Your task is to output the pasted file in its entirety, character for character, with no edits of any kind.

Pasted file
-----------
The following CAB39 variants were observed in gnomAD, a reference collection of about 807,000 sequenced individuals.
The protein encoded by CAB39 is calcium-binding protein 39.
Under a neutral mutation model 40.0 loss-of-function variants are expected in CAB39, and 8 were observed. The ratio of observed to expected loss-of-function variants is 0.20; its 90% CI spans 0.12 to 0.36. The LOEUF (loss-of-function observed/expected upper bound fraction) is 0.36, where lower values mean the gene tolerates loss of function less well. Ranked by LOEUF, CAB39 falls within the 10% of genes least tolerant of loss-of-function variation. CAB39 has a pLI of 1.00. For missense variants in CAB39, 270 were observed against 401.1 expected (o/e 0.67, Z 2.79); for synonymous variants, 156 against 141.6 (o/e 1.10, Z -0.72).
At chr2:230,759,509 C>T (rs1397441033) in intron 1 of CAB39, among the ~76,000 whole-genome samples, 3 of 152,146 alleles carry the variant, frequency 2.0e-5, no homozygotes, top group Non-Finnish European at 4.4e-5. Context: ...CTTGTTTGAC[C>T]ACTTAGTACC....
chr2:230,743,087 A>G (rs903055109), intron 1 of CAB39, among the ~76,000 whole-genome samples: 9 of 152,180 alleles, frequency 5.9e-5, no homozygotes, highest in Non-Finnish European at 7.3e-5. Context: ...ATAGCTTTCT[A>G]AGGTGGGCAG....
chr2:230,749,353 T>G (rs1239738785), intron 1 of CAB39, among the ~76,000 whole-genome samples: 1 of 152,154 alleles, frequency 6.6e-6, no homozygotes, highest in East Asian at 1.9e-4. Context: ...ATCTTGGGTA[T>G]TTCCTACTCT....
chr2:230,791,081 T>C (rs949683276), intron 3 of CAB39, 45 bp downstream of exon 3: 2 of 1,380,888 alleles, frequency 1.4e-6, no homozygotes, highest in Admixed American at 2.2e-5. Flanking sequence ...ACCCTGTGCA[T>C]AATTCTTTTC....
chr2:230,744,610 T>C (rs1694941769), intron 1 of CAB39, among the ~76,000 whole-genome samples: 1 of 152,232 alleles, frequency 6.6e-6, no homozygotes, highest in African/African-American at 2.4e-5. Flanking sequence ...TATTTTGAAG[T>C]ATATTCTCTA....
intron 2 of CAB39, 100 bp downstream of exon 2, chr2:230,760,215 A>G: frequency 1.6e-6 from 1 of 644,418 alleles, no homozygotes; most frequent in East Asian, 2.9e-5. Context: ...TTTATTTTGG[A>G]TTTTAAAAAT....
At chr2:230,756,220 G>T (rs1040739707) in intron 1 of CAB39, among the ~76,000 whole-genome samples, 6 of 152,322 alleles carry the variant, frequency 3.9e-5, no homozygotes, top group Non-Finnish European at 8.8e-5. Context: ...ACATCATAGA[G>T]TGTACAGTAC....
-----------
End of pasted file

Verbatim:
The following CAB39 variants were observed in gnomAD, a reference collection of about 807,000 sequenced individuals.
The protein encoded by CAB39 is calcium-binding protein 39.
Under a neutral mutation model 40.0 loss-of-function variants are expected in CAB39, and 8 were observed. The ratio of observed to expected loss-of-function variants is 0.20; its 90% CI spans 0.12 to 0.36. The LOEUF (loss-of-function observed/expected upper bound fraction) is 0.36, where lower values mean the gene tolerates loss of function less well. Ranked by LOEUF, CAB39 falls within the 10% of genes least tolerant of loss-of-function variation. CAB39 has a pLI of 1.00. For missense variants in CAB39, 270 were observed against 401.1 expected (o/e 0.67, Z 2.79); for synonymous variants, 156 against 141.6 (o/e 1.10, Z -0.72).
At chr2:230,759,509 C>T (rs1397441033) in intron 1 of CAB39, among the ~76,000 whole-genome samples, 3 of 152,146 alleles carry the variant, frequency 2.0e-5, no homozygotes, top group Non-Finnish European at 4.4e-5. Context: ...CTTGTTTGAC[C>T]ACTTAGTACC....
chr2:230,743,087 A>G (rs903055109), intron 1 of CAB39, among the ~76,000 whole-genome samples: 9 of 152,180 alleles, frequency 5.9e-5, no homozygotes, highest in Non-Finnish European at 7.3e-5. Context: ...ATAGCTTTCT[A>G]AGGTGGGCAG....
chr2:230,749,353 T>G (rs1239738785), intron 1 of CAB39, among the ~76,000 whole-genome samples: 1 of 152,154 alleles, frequency 6.6e-6, no homozygotes, highest in East Asian at 1.9e-4. Context: ...ATCTTGGGTA[T>G]TTCCTACTCT....
chr2:230,791,081 T>C (rs949683276), intron 3 of CAB39, 45 bp downstream of exon 3: 2 of 1,380,888 alleles, frequency 1.4e-6, no homozygotes, highest in Admixed American at 2.2e-5. Flanking sequence ...ACCCTGTGCA[T>C]AATTCTTTTC....
chr2:230,744,610 T>C (rs1694941769), intron 1 of CAB39, among the ~76,000 whole-genome samples: 1 of 152,232 alleles, frequency 6.6e-6, no homozygotes, highest in African/African-American at 2.4e-5. Flanking sequence ...TATTTTGAAG[T>C]ATATTCTCTA....
intron 2 of CAB39, 100 bp downstream of exon 2, chr2:230,760,215 A>G: frequency 1.6e-6 from 1 of 644,418 alleles, no homozygotes; most frequent in East Asian, 2.9e-5. Context: ...TTTATTTTGG[A>G]TTTTAAAAAT....
At chr2:230,756,220 G>T (rs1040739707) in intron 1 of CAB39, among the ~76,000 whole-genome samples, 6 of 152,322 alleles carry the variant, frequency 3.9e-5, no homozygotes, top group Non-Finnish European at 8.8e-5. Context: ...ACATCATAGA[G>T]TGTACAGTAC....